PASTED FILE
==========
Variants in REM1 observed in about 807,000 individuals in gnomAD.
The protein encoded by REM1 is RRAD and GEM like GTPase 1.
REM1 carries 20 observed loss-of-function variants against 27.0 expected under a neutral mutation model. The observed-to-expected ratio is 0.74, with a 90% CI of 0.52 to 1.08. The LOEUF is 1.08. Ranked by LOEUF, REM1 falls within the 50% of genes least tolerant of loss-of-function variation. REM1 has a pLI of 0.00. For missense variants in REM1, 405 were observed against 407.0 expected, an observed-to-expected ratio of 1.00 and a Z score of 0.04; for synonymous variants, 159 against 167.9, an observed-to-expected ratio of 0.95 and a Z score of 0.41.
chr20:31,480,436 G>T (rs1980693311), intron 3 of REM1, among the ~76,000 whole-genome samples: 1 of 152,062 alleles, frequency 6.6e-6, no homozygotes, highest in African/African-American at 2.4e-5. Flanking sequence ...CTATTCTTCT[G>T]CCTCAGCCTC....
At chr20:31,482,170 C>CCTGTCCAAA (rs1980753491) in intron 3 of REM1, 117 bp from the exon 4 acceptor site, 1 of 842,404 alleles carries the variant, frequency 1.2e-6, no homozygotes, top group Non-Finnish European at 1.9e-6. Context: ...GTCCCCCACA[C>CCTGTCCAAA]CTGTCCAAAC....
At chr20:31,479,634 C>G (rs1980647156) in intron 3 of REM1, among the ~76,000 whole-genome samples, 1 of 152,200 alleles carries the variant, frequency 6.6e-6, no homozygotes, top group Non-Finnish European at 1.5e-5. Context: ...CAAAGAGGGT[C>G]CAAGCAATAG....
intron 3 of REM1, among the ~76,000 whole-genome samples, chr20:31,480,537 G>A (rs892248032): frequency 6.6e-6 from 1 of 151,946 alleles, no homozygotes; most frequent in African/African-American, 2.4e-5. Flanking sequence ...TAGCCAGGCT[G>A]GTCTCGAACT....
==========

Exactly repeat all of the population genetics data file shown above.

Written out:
Variants in REM1 observed in about 807,000 individuals in gnomAD.
The protein encoded by REM1 is RRAD and GEM like GTPase 1.
REM1 carries 20 observed loss-of-function variants against 27.0 expected under a neutral mutation model. The observed-to-expected ratio is 0.74, with a 90% CI of 0.52 to 1.08. The LOEUF is 1.08. Ranked by LOEUF, REM1 falls within the 50% of genes least tolerant of loss-of-function variation. REM1 has a pLI of 0.00. For missense variants in REM1, 405 were observed against 407.0 expected, an observed-to-expected ratio of 1.00 and a Z score of 0.04; for synonymous variants, 159 against 167.9, an observed-to-expected ratio of 0.95 and a Z score of 0.41.
chr20:31,480,436 G>T (rs1980693311), intron 3 of REM1, among the ~76,000 whole-genome samples: 1 of 152,062 alleles, frequency 6.6e-6, no homozygotes, highest in African/African-American at 2.4e-5. Flanking sequence ...CTATTCTTCT[G>T]CCTCAGCCTC....
At chr20:31,482,170 C>CCTGTCCAAA (rs1980753491) in intron 3 of REM1, 117 bp from the exon 4 acceptor site, 1 of 842,404 alleles carries the variant, frequency 1.2e-6, no homozygotes, top group Non-Finnish European at 1.9e-6. Context: ...GTCCCCCACA[C>CCTGTCCAAA]CTGTCCAAAC....
At chr20:31,479,634 C>G (rs1980647156) in intron 3 of REM1, among the ~76,000 whole-genome samples, 1 of 152,200 alleles carries the variant, frequency 6.6e-6, no homozygotes, top group Non-Finnish European at 1.5e-5. Context: ...CAAAGAGGGT[C>G]CAAGCAATAG....
intron 3 of REM1, among the ~76,000 whole-genome samples, chr20:31,480,537 G>A (rs892248032): frequency 6.6e-6 from 1 of 151,946 alleles, no homozygotes; most frequent in African/African-American, 2.4e-5. Flanking sequence ...TAGCCAGGCT[G>A]GTCTCGAACT....